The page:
We passed by a fenced area with cows and horses. After about 1.7 km, we started walking next to the agricultural fields of Mevo Hama. This Israeli settlement was the second to be built in the Golan after the 1967 Six-Day War. To the right, there were all kinds of fruit trees. And to the left, we saw cotton fields. Most of the cotton was already packed up in huge circular yellow containers at the side of the field.

The cotton all rolled up in the containers

After about 1.3 km, we reached the access road to Mevo Hama (7) and turned left on the Golan Trail. The trail went alongside the road for a while, then crossed it and led us to Mevo Hama’s cemetery. We stopped in front of the view of the Sea of Galilee. There’s a beautiful view of the lake from over there!

After resting a while, we continued on the trail alongside the edge of the Golan Heights. The view of the Sea of Galilee escorted us all the way. There were also some old Syrian bunkers and guard posts here and there. After about 2 km, we reached an asphalt road that led us downhill.

The view of the Sea of Galilee

We continued downhill for about 2.3 km until we reached a trail junction (8). The Golan Trail turned left and continued upwards, and the green-marked trail turned right and went downwards. We wanted to go on the green-marked path because it leads to the Sea of Galilee, but we also wanted to see the end of the Golan Trail. So, we went up the Golan Trail for about 400 meters until we reached Ein Aqov or Taufiq Spring (9). It seemed like the trail’s end because there was a large sign there talking about the Golan Trail in general. We took some pictures, looked at the spring, which didn’t look inviting, and went back down to the trail junction.

The end of the Golan Trail (or is it the beginning?)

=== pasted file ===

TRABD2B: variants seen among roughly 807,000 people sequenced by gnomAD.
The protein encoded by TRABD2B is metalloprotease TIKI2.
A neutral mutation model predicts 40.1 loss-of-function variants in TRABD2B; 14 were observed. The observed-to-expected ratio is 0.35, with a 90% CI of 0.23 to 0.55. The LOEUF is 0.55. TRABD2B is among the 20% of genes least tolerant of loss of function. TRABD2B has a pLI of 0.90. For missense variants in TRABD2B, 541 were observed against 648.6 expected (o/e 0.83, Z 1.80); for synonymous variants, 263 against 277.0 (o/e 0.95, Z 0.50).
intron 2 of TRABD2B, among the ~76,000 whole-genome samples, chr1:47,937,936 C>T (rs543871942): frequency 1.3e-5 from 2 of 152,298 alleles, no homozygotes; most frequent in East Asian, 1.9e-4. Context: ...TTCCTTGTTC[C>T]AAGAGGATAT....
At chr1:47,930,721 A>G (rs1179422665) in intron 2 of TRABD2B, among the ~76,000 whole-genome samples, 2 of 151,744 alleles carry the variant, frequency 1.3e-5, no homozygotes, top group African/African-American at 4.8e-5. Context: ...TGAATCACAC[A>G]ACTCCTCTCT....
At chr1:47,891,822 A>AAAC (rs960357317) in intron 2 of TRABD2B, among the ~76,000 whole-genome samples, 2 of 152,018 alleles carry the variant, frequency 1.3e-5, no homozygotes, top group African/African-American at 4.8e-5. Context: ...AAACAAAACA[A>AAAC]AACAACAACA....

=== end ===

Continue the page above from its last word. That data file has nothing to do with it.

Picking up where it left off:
Ein Aqov

Extra: The Sea of Galilee

The way down on the green-marked trail starts nice. We passed by some ruined concrete buildings, which once belonged to the Syrians, and some minefields. After a while, the route became bumpy, with lots of white stones all over the path, making it hard to walk. But after about 3 km, we reached the left-hand turn to a red-marked trail (10) that led us toward HaOn and the Sea of Galilee.

We passed by some plantations and reached the HaOn Cemetery (11) after about 880 meters. There were some water faucets there, so we filled up our bottles and washed our faces before heading to the road separating us from the Sea of Galilee. We crossed it and then continued on the access road that led to the gates of the Daria Vacation Village (12). We waved toward the closed gate, and someone remotely opened it for us. Maybe he saw that we were carrying huge backpacks and understood we were hikers that just wanted a short dip in the lake.

A short walk from the gate, we reached the Sea of Galilee. The beach was completely empty, so we had it all for ourselves. It was a beautiful way to finish the Golan Trail.

Ruined buildings on the way down
The beach at HaOn

Afterward, we returned to the road and took a bus to Zemach Junction, where we had a car waiting for us. If you don’t have a car waiting for you, you can catch bus number 57 to Tiberias and continue from there to wherever you need.


The last day on the Golan Trail was beautiful, with many views toward the Sea of Galilee. If you’re going to hike it, make sure to start in daylight. I feel I’ve missed out on some sights at the beginning of the day because we began in pitch darkness. 

Save this post for later!

Hiked the trail in October 2022.